Turns 1 and 2 on both tracks are respectable, and then we approach Turn 3, which I have to say, is pretty good. But now we have the rest of the track to deal with.

It looks like a page from a middle schooler’s geometry homework on right angles.

They are everywhere. Almost every single corner on both tracks is close to a 90 degree angle. If you watched the onboard lap of either track, you probably began to zone out at one point. Because every corner is easy! And when every corner is easy, what do we get?

A boring race.

Overtaking Opportunities

This is the most important part of track design. You can have all of the features above, but if there’s no place to overtake, you don’t have racing. You have cars driving in a circle for about an hour and forty-five minutes.

Now what is the perfect overtaking opportunity? You know it, you’ve seen it.

A heavy braking zone after a long straight, that leads into a tight corner (or section of corners). Turn 1 at Monza, Mexico, and Bahrain are all great examples of this.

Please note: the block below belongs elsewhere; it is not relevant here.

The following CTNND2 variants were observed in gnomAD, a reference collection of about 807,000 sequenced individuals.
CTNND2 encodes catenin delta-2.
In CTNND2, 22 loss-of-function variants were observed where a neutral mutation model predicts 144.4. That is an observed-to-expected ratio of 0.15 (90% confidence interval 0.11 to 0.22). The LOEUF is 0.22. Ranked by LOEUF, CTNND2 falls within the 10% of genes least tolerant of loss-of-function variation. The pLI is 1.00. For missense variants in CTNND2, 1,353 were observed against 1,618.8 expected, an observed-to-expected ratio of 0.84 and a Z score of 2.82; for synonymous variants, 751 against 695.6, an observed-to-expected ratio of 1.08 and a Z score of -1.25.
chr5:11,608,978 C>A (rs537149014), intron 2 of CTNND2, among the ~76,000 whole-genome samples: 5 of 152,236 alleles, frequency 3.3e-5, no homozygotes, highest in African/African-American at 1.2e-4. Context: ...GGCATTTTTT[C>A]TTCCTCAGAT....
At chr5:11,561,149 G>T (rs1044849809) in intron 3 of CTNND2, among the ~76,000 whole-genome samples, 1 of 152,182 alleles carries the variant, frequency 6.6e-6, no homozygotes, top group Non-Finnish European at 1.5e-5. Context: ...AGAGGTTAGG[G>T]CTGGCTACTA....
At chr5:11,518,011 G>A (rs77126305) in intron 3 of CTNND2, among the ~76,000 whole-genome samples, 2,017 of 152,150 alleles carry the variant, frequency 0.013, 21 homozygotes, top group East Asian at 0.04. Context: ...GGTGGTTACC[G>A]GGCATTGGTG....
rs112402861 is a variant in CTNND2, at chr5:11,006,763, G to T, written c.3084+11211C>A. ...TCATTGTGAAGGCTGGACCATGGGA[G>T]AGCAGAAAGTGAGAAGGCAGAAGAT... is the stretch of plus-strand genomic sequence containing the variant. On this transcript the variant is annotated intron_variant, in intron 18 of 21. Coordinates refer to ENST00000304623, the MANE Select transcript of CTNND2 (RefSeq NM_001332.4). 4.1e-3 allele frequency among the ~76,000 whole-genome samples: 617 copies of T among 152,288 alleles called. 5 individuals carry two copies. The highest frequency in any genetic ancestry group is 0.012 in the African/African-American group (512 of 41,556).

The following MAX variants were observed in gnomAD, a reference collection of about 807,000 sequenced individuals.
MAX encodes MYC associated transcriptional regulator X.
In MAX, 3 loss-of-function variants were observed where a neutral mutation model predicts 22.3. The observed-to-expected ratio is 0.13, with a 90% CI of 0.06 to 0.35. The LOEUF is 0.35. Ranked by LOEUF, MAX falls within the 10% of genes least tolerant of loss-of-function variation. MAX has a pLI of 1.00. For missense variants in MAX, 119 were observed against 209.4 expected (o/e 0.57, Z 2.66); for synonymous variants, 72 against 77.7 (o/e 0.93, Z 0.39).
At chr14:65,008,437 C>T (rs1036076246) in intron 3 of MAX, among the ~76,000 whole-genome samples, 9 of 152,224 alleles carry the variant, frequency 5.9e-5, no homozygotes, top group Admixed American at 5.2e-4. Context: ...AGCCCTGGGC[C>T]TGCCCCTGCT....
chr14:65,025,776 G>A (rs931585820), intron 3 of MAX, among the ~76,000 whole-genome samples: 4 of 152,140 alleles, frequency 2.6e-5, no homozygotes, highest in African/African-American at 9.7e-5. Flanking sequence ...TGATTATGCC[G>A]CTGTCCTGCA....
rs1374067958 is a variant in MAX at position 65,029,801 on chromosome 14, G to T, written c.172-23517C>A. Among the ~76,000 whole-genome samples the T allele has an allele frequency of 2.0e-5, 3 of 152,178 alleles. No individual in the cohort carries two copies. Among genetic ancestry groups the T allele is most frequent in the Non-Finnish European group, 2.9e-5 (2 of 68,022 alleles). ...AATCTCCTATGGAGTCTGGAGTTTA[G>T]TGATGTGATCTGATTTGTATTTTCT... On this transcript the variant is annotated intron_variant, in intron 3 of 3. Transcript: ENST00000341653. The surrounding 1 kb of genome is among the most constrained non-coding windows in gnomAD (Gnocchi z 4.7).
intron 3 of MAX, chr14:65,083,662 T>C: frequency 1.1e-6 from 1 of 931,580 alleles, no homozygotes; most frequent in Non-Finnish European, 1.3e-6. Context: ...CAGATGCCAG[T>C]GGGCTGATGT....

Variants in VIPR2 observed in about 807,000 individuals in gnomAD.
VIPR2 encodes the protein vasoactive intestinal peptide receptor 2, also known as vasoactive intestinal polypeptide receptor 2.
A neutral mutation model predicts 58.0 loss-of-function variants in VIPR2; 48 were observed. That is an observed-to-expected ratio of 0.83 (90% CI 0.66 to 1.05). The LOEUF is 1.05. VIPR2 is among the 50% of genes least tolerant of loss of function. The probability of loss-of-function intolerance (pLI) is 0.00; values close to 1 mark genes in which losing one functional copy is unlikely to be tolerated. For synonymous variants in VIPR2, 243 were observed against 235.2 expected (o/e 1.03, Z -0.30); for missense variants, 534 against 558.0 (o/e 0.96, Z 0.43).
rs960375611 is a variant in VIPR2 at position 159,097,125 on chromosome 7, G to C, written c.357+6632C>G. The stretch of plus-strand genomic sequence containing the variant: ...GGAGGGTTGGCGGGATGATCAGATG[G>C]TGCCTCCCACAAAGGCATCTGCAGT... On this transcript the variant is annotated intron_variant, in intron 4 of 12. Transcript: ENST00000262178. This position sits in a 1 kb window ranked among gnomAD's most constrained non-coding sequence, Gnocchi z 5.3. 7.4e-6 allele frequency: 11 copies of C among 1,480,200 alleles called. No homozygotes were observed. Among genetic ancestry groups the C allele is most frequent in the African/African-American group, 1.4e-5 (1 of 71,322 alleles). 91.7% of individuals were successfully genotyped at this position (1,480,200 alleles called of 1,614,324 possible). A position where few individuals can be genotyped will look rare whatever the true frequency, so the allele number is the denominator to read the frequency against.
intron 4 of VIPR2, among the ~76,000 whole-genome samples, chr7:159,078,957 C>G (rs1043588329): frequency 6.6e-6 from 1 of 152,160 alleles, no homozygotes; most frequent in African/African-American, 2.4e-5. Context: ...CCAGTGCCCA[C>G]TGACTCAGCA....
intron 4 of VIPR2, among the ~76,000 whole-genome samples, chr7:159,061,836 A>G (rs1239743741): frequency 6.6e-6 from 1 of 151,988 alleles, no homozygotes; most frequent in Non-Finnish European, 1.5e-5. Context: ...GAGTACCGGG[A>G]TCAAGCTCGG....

Spa, although it is one of the greatest tracks to ever grace the earth, doesn’t have many of these. The only places to make a move on the track are at the end of the chicane, or on the Kemmel Straight. Overtaking at other corners is possible, but much harder.

Interlagos has only one heavy braking zone, but if we’re being real, about every corner there is a chance to overtake. Sector 1 is high speed and all about finding the right line, Sector 2 is technical, and Sector 3 is basically the home stretch. You can overtake in virtually all of these places.

Sochi and Yas Marina, being best friends with the right angle, have only two places where an overtake can be considered.

And this, along with a culmination of all their other features, make them the worst tracks on the calendar.

Conversely, this makes Interlagos the best track for racing, with Spa being better at everything else.

The Verdict

Now that we know what makes a good track, it’s time to use that information and decide if Miami can join the ranks of Spa and Interlagos.

Miami Grand Prix (Onboard Lap, Turns 1 and 2 are different in the video due to recent track revisions)

https://www.formula1.com/en/latest/article.changes-made-to-proposed-miami-grand-prix-track-layout.2IX538kRBvwvfPFucYwTwQ.html